6 Species Of Wodpeckers In Nebraska (With Pics)

Watching woodpeckers is a fun activity. They have a very unusual relationship with their ability to drill into trees at rapid speeds without getting hurt. We’ll look at the six types of woodpeckers found in Nebraska, provide a bit of information on where and when you might see them, and then move on to the next species. We’ll also provide some advice on how to entice woodpeckers to your property at the end of the article.


Downy woodpecker, hairy woodpecker, northern flicker, red-headed woodpecker, red-bellied woodpecker, and yellow-bellied sapsucker are the six species of woodpeckers found in Nebraska.


  • Scientific name: Dryobates pubescens
  • Length: 5.5-6.7 in
  • Weight: 0.7-1.0 oz
  • Wingspan: 9.8-11.8 in

These little woodpeckers may be seen all year in Nebraska, and they are found everywhere. They can be found nearly everywhere in the United States. In North America, they are the tiniest woodpeckers.

The white markings on the downy’s backs, as well as its bright white chest and belly, may be used to identify them. They are only about the size of a sparrow. At the back of the head of males, there is a red patch.

The woodpecker that visits most often in the backyard is the downy. They devour sunflower seeds, millet, and peanuts in addition to suet. You may even witness them drinking sugar water at your hummingbird feeder, thanks to their tiny beak.


  • Scientific name: Dryobates villosus
  • Length: 7.1-10.2 in
  • Weight: 1.4-3.4 oz
  • Wingspan: 13.0-16.1 in

You might be asking if this image depicts another downy woodpecker. They do not look alike, but they sure do resemble each other. Throughout the United States, hairy woodpeckers are commonly found in downy’s habitats. and, when attempting to differentiate between them, cause a lot of consternation.

In comparison to its body size, the hairy woodpecker is significantly larger and has a longer beak. You may learn how to distinguish them using our article here.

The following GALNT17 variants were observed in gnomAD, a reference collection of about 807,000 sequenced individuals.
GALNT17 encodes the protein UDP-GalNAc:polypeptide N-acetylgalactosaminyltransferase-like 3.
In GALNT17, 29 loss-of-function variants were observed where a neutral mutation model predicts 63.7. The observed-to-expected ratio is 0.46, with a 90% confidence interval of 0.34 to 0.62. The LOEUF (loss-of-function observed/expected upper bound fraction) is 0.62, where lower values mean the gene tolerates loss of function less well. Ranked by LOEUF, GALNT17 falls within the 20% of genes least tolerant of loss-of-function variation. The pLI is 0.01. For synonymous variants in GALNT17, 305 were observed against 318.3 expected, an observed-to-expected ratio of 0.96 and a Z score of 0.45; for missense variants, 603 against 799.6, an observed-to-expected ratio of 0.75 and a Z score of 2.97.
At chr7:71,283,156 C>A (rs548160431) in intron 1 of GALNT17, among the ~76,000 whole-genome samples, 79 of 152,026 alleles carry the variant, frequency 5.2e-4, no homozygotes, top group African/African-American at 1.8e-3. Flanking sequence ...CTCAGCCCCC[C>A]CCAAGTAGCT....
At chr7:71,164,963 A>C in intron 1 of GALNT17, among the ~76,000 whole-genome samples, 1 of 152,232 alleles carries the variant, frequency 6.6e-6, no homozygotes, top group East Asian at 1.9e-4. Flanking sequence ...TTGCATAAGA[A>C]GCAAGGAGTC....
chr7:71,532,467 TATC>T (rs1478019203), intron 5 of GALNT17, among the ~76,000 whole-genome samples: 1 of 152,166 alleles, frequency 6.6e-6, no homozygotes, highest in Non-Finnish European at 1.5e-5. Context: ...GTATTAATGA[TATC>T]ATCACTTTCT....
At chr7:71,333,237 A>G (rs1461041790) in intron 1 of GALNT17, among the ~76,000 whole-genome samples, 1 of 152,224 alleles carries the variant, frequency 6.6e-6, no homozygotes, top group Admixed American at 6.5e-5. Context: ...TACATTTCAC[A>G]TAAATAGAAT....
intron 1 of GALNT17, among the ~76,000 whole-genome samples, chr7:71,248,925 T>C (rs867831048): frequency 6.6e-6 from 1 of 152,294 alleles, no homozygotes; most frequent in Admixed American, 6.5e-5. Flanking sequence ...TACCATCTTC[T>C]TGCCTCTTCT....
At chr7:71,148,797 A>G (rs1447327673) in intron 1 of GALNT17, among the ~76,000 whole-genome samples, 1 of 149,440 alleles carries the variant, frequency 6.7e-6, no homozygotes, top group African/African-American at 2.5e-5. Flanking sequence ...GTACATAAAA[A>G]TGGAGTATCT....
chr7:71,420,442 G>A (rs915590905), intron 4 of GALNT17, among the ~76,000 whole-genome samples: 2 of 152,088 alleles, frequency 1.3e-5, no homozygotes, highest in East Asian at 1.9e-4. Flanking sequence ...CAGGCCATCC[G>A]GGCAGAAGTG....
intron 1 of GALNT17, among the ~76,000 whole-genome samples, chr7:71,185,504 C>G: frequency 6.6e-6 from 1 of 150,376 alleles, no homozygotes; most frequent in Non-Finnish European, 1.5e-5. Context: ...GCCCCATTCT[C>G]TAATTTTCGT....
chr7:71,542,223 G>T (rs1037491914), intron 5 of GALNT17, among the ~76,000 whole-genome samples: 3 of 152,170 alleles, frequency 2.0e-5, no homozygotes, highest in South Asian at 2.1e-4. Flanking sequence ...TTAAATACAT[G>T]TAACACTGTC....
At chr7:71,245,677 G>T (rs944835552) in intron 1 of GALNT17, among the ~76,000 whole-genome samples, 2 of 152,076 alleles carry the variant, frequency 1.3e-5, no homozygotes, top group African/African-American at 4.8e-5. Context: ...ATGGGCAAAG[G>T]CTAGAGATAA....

In terms of habitat and food, these two woodpeckers are virtually identical. Throughout Nebraska, they can be found all year. While they will visit backyard suet feeders, the hairy woodpecker is a bit more retiring and is less frequently seen than the downy.


  • Scientific nameColaptes auratus
  • Length: 11.0-12.2 in
  • Weight: 3.9-5.6 oz
  • Wingspan: 16.5-20.1 in

In backyards across the United States, these medium to big sized woodpeckers are rather common. They’re also one of the most gorgeous birds in North America, in my opinion.

Flickers prefer to hunt insects on the ground rather than in the trees, unlike other woodpeckers. The black spots on their bellies, solid black bib, barred black and gray wings, and brown face on a gray head are all good ways to identify them.

Females do not have a black “mustache,” whereas males do. You may find brilliant yellow feathers on the underside of their wings and tail in Nebraska, which is known as the “yellow-shafted” kind.

Throughout the year, Northern Flickers may be seen in Nebraska, and they may also stop by backyard suet feeders. You may observe them digging around for grubs if you have some leaf heaps in your yard.


  • Scientific name: Melanerpes erythrocephalus
  • Length: 7.5-9.1 in
  • Weight: 2.0-3.2 oz
  • Wingspan: 16.5 in

During the spring and summer months, red-headed woodpeckers migrate to Nebraska to breed. They’ll return to the eastern United States after that. During the winter, the temperature may reach as high as 25°C. Despite the fact that they may be found in the southeastern corner of the state all year.